Are OLS Estimates of the Return to Schooling Biased Downward? Another Look
AbstractThe authors examine evidence on bias in OLS estimates of the economic return to schooling. To study omitted-ability bias, they use test scores available in the National Longitudinal Survey of Youth as proxies for ability allowing for measurement error in these test scores. The authors also explore biases from the endogeneity of schooling or experience, or measurement error in these variables. In their data, OLS estimation including test scores appears to be appropriate and indicates an upward bias of roughly 40 percent in the OLS estimate ignoring ability. This contrasts with evidence from other recent research using different statistical experiments to purge schooling of its correlation with the wage equation error. Copyright 1995 by MIT Press.
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Bibliographic InfoArticle provided by MIT Press in its journal Review of Economics & Statistics.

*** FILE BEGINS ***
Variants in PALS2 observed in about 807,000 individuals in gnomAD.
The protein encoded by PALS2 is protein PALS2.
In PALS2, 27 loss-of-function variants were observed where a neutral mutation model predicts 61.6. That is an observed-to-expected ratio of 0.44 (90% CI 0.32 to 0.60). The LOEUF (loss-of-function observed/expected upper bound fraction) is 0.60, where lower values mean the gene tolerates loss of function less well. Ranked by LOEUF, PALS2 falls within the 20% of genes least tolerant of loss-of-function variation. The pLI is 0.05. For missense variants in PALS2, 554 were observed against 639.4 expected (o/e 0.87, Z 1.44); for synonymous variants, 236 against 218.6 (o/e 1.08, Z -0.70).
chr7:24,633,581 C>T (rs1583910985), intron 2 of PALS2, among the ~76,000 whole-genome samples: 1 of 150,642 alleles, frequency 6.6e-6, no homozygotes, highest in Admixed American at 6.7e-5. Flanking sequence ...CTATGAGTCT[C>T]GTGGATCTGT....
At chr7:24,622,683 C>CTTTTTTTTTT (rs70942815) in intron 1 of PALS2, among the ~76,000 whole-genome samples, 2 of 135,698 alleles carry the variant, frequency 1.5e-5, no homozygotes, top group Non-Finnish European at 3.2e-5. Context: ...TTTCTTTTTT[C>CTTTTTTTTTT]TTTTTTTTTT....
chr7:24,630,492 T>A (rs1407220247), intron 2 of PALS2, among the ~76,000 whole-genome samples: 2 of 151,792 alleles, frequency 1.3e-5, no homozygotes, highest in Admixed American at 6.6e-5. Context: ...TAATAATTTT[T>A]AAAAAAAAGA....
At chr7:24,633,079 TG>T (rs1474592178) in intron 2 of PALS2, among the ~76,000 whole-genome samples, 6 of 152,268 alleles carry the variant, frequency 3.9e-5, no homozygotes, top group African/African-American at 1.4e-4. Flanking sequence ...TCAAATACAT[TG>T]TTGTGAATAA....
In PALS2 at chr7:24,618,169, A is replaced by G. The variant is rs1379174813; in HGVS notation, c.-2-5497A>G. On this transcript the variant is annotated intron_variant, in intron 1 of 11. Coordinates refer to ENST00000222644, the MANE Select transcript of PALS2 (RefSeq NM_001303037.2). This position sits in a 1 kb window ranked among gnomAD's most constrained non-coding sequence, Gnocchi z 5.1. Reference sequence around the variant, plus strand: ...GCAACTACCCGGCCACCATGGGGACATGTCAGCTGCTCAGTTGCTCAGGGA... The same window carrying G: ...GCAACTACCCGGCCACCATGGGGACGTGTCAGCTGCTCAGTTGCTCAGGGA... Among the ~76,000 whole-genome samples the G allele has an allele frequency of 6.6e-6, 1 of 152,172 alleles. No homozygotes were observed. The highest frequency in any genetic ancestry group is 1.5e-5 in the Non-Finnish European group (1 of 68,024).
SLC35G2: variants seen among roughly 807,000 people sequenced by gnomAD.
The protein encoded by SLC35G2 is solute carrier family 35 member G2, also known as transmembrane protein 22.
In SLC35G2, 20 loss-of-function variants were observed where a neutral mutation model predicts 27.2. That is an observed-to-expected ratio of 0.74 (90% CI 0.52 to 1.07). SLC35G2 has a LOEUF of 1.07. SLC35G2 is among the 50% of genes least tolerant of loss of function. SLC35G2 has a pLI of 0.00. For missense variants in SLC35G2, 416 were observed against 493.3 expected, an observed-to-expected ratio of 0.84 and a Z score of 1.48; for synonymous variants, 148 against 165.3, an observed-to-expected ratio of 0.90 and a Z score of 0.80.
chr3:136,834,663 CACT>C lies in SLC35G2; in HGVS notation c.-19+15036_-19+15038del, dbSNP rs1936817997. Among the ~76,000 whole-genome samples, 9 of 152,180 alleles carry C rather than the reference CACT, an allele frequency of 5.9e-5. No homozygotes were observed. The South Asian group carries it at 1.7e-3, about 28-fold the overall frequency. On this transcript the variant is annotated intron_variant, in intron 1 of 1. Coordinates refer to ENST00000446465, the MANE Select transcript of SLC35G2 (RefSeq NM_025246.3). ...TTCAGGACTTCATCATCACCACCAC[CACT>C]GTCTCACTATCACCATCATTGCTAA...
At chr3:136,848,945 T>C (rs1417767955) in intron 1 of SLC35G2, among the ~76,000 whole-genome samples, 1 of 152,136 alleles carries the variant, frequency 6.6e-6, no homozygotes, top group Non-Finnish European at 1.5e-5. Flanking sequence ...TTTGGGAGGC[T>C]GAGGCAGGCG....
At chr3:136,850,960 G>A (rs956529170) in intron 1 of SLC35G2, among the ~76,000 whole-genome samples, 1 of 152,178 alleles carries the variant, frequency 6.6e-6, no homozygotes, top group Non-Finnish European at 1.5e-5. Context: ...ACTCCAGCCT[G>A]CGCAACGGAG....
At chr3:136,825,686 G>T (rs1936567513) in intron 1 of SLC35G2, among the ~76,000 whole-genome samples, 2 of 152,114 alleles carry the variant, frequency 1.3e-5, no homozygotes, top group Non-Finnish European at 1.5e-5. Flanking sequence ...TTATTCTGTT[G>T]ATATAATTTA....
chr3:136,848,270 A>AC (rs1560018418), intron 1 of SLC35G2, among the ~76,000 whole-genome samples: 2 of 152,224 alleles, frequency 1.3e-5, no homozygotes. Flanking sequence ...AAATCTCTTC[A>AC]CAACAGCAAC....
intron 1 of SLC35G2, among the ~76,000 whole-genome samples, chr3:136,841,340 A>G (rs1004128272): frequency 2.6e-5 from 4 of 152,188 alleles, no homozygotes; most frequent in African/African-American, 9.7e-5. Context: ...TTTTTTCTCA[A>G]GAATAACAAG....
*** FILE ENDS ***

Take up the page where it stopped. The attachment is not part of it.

Volume (Year): 77 (1995)
Issue (Month): 2 (May)
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Web page: http://mitpress.mit.edu/journals/
Other versions of this item:
- McKinley L. Blackburn & David Neumark, 1993. "Are OLS Estimates of the Return to Schooling Biased Downward? Another Look," NBER Working Papers 4259, National Bureau of Economic Research, Inc.
- D31 - Microeconomics - - Distribution - - - Personal Income and Wealth Distribution
- J24 - Labor and Demographic Economics - - Demand and Supply of Labor - - - Human Capital; Skills; Occupational Choice; Labor Productivity
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- Behrman, Jere R & Rosenzweig, Mark R & Taubman, Paul, 1994. "Endowments and the Allocation of Schooling in the Family and in the Marriage Market: The Twins Experiment," Journal of Political Economy, University of Chicago Press, vol. 102(6), pages 1131-74, December.
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